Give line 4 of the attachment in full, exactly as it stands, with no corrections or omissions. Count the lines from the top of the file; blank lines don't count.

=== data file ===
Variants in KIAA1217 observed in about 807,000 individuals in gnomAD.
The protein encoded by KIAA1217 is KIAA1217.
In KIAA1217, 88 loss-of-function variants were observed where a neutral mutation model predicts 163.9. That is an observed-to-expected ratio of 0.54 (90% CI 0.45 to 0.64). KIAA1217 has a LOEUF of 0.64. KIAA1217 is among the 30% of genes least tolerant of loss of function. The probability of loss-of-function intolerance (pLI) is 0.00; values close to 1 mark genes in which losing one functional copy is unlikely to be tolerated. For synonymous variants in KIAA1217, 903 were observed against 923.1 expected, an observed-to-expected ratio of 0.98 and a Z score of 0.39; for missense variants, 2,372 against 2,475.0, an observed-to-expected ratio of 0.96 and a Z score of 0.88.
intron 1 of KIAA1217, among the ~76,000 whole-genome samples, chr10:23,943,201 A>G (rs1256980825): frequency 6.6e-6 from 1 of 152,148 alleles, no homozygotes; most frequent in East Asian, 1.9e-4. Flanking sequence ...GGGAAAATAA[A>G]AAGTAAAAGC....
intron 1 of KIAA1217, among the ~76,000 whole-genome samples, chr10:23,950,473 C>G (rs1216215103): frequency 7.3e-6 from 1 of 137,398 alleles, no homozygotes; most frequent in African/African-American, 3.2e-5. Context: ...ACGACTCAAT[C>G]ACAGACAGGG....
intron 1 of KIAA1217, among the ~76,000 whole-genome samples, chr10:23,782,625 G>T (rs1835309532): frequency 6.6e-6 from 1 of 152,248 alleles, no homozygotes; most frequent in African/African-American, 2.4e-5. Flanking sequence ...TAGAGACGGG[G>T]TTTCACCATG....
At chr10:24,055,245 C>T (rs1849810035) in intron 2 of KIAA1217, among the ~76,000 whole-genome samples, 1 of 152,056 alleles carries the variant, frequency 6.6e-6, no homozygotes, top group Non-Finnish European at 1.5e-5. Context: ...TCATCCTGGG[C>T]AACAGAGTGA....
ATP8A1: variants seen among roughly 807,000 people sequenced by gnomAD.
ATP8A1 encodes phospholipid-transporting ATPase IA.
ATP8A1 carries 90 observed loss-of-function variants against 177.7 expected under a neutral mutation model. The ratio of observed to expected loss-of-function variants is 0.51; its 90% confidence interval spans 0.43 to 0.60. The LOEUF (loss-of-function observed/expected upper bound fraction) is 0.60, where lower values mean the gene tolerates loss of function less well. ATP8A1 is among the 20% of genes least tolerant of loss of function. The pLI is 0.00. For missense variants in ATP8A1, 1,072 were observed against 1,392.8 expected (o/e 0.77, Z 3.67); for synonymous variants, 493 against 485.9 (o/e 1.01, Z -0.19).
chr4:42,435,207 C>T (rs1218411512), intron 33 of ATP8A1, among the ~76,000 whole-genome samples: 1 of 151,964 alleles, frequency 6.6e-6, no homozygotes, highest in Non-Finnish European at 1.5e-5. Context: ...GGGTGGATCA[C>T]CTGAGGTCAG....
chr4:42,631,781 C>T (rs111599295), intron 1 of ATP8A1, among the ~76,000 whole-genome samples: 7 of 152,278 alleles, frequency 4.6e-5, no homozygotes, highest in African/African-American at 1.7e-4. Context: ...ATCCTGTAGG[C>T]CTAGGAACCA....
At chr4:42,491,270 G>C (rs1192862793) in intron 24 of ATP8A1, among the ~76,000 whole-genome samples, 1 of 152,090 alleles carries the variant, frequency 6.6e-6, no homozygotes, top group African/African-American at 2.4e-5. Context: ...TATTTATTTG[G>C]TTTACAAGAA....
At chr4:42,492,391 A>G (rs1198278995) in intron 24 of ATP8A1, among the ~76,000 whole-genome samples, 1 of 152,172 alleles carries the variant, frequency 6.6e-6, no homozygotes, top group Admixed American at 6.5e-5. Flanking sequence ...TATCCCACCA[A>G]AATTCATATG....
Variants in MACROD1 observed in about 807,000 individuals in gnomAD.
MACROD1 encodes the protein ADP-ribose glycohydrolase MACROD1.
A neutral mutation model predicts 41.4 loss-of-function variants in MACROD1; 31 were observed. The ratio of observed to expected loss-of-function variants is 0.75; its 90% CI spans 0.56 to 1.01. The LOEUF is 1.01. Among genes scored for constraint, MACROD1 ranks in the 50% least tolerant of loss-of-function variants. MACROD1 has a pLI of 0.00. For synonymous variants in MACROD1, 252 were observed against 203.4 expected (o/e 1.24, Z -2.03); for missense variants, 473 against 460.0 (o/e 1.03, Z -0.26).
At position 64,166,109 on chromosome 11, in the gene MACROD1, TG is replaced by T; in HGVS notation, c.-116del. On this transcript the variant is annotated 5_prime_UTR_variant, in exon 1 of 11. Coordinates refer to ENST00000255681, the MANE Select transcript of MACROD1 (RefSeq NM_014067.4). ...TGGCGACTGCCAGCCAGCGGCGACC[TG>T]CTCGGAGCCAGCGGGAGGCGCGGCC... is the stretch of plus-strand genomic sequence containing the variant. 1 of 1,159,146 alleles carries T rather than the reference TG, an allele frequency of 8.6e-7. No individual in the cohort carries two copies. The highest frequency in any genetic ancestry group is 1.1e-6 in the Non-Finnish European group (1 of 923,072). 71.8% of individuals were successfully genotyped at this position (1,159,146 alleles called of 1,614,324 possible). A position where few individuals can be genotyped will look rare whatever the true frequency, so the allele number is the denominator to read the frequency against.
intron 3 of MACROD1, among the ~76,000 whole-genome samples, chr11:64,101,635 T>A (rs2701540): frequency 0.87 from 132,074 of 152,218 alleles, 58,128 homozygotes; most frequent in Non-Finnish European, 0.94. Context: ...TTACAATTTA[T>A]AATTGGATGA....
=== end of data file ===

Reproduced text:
intron 1 of KIAA1217, among the ~76,000 whole-genome samples, chr10:23,943,201 A>G (rs1256980825): frequency 6.6e-6 from 1 of 152,148 alleles, no homozygotes; most frequent in East Asian, 1.9e-4. Flanking sequence ...GGGAAAATAA[A>G]AAGTAAAAGC....